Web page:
A very rare dinner
Dinner tonight at Cafe Pierre, in Manhattan Beach. Our last night down here, and a celebration because my brother David joined us as well as Cousin Marty, who was celebrating his 60th birthday.
Gail spent the morning googling fine dining, and came up with a winner. Dinner was not only good, the menu had many things you just don’t often see.
For starters, I had the foie gras, which is rare and getting rarer. I don’t think you can even get the goose liver in California; this was duck. Still great, still way too rich and fattening to enjoy very often. Not to mention pricey. I don’t think I’ve had any since we were in Reno for the nationals a year ago last March, but it’s still as good as I remember.
Gail had the marrow bones–another dish that’s almost all fat, hard to find on menus and extravagantly delicious. This portion was so large that Gail and I both couldn’t finish it, although it seems criminal to leave any. The soft, creamy marrow, spread on stiff crackers, is a delight you should try in the rare event that it is available.
David, at least, had something healthy–the tuna tartare. A lovely presentation of a tower of the raw fish with waffle cut fries to scoop it up with.
Kate had the salad with the burrata–but she probably would have just ordered the burrata if she could. It’s one of those items which become popular seemingly out of nowhere, and then you can’t imagine living without. Fresh mozzarella, injected with cream. Add just the tiniest pinch of fleur du sel (French sea salt) and you’re in heaven.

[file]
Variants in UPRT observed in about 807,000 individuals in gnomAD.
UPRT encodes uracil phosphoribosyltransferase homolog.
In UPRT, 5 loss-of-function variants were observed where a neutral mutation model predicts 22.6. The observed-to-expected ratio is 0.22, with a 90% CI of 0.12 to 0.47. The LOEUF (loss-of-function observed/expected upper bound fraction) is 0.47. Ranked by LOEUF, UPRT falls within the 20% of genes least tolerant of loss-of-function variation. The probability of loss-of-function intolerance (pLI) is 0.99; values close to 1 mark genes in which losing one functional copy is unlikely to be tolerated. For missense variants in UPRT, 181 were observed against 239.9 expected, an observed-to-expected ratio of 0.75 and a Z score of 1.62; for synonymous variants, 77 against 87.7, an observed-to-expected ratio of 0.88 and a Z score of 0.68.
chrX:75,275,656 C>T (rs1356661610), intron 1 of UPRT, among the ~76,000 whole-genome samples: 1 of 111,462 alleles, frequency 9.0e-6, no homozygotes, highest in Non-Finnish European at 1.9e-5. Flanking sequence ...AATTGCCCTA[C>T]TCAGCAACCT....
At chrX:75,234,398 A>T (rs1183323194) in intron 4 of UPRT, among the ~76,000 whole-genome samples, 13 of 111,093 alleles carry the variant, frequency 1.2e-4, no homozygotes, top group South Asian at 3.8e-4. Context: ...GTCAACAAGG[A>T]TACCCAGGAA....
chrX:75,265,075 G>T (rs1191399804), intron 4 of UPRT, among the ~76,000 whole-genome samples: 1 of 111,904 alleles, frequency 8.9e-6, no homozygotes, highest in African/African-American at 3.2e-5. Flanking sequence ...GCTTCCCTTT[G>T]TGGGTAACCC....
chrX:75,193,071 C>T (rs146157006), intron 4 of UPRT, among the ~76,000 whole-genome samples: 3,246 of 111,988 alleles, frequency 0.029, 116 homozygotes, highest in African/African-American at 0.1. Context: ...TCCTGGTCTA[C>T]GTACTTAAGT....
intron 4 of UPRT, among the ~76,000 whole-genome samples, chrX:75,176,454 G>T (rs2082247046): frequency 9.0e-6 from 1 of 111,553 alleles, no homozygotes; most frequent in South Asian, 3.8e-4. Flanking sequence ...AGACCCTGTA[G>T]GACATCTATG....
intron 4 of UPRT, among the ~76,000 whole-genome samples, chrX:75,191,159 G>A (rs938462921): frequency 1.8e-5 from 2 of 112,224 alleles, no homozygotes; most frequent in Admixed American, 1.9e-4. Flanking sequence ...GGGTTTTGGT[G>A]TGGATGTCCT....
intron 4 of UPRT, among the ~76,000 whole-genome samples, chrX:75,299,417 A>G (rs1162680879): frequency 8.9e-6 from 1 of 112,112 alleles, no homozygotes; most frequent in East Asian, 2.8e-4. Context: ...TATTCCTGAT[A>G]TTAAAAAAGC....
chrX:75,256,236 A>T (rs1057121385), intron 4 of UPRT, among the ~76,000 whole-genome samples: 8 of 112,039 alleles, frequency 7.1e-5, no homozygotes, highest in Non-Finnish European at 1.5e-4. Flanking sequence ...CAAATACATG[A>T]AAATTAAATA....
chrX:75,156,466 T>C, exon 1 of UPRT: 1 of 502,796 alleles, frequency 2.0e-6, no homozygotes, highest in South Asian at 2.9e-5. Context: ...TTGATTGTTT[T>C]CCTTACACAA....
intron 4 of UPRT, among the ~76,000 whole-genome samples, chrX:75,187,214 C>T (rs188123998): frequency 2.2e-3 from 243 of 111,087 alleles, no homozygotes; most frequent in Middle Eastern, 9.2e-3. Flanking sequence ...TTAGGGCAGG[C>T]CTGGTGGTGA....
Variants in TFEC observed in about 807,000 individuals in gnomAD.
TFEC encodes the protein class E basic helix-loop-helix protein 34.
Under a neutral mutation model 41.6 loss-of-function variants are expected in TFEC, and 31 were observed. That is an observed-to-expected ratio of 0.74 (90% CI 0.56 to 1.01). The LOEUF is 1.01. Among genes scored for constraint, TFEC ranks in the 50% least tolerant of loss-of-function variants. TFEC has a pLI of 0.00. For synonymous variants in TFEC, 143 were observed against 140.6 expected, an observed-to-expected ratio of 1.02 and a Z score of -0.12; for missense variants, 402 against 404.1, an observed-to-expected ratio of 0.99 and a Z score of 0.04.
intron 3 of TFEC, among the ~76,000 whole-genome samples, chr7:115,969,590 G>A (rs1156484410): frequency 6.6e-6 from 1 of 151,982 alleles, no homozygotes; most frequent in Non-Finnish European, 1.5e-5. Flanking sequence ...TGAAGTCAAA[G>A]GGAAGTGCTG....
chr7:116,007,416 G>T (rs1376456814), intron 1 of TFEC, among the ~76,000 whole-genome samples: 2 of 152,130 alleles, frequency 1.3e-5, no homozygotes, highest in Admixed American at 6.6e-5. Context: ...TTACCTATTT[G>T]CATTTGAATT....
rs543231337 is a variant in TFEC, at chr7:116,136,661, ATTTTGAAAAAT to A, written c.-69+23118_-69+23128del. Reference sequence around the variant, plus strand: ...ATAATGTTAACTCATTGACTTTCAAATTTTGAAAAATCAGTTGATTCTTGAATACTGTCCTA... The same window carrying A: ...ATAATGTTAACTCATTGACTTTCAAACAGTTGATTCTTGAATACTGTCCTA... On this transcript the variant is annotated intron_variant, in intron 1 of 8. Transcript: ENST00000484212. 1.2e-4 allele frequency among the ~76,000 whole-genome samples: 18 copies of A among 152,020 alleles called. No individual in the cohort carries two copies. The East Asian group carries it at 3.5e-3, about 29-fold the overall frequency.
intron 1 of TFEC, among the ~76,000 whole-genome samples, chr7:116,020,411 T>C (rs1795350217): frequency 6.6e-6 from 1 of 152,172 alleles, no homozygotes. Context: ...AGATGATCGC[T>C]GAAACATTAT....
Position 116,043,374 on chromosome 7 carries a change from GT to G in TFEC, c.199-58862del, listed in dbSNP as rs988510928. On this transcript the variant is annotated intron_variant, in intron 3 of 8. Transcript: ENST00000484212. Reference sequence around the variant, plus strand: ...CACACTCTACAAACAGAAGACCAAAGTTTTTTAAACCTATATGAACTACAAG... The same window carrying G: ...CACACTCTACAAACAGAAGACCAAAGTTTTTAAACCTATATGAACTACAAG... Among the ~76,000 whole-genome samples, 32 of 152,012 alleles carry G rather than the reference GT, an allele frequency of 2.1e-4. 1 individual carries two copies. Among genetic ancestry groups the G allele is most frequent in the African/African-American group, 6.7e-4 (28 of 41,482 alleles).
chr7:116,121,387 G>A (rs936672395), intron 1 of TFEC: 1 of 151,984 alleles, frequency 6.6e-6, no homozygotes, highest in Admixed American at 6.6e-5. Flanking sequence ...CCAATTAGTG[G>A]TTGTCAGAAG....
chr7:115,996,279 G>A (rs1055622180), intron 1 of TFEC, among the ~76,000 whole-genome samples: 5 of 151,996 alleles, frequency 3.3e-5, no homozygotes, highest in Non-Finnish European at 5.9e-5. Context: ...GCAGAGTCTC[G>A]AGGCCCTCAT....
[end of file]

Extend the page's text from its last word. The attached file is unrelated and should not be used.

The appetizers were so good Gail just had 3 of them for dinner. Here is the pork belly–which sounds like it should be a backwoods Arkansas meal, but is on all the best menus these days. Her third appetizer were the escargots, in a modern presentation I can’t describe, but you would love.
My entree was the breast of veal, but not like the one mother used to make. This was just the sheet of tender veal, removed from the ribs and rolled, then dressed with a sauce/dressing of roasted peppers. The mashed potatoes were napped with olive oil, for a different and exciting presentation. I haven’t had a breast of veal in years, and this was just delightful.
Three people at the table ordered the 70 hours short ribs–ribs that had been cooked for 3 days, until the meat was just falling apart. I saw no leftovers.
Desserts, of course. The best was the bread pudding, which was the eggiest I have ever seen, and so good we ordered a second one.
We sang to Marty, undoubtedly annoying everyone else in the place.
We’ve had a lot of good food on this trip, but Cafe Pierre was a major highlight. Not only was the food excellent, but it was a pleasure to find a menu so different and varied. Most restaurants don’t have the nerve to stray from the common menu items, and Cafe Pierre earns plenty of credit for breaking free of the boring norms.